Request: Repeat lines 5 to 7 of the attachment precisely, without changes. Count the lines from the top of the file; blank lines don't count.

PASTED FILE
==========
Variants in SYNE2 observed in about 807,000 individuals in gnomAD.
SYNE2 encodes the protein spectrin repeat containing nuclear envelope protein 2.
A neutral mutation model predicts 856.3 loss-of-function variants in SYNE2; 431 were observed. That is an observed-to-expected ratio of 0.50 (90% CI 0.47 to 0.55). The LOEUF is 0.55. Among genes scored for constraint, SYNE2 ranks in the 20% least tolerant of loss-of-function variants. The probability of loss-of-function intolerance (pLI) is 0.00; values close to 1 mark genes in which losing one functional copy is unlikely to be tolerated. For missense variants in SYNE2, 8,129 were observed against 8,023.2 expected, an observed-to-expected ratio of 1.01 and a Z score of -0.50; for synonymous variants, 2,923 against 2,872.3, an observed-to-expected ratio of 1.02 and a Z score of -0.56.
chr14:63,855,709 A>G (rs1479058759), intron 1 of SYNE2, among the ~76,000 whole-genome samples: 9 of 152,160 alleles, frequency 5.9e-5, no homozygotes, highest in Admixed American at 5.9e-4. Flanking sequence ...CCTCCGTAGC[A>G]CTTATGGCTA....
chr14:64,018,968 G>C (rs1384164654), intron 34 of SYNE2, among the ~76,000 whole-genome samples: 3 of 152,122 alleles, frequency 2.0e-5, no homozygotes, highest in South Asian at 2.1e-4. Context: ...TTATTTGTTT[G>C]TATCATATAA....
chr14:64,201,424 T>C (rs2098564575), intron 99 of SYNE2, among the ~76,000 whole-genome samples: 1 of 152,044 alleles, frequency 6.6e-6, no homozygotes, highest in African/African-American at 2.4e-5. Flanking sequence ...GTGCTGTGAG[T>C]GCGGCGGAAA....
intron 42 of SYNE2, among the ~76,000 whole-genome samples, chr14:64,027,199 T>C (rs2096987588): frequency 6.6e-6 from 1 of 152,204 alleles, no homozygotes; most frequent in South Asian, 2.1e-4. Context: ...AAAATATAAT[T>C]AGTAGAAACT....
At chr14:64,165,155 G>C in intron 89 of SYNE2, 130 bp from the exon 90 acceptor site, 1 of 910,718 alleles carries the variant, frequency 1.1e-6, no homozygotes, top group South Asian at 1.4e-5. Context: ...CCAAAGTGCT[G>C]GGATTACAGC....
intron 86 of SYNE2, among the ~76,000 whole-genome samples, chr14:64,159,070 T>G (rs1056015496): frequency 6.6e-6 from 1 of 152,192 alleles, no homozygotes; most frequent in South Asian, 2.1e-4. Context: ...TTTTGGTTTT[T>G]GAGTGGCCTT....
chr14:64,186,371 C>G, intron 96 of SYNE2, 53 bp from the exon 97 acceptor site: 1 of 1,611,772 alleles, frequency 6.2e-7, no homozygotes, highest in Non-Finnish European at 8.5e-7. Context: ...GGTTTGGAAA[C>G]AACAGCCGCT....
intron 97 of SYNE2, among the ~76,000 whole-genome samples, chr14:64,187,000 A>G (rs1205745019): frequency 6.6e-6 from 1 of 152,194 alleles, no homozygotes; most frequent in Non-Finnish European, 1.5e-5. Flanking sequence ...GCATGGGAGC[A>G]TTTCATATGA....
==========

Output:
chr14:64,018,968 G>C (rs1384164654), intron 34 of SYNE2, among the ~76,000 whole-genome samples: 3 of 152,122 alleles, frequency 2.0e-5, no homozygotes, highest in South Asian at 2.1e-4. Context: ...TTATTTGTTT[G>C]TATCATATAA....
chr14:64,201,424 T>C (rs2098564575), intron 99 of SYNE2, among the ~76,000 whole-genome samples: 1 of 152,044 alleles, frequency 6.6e-6, no homozygotes, highest in African/African-American at 2.4e-5. Flanking sequence ...GTGCTGTGAG[T>C]GCGGCGGAAA....
intron 42 of SYNE2, among the ~76,000 whole-genome samples, chr14:64,027,199 T>C (rs2096987588): frequency 6.6e-6 from 1 of 152,204 alleles, no homozygotes; most frequent in South Asian, 2.1e-4. Context: ...AAAATATAAT[T>C]AGTAGAAACT....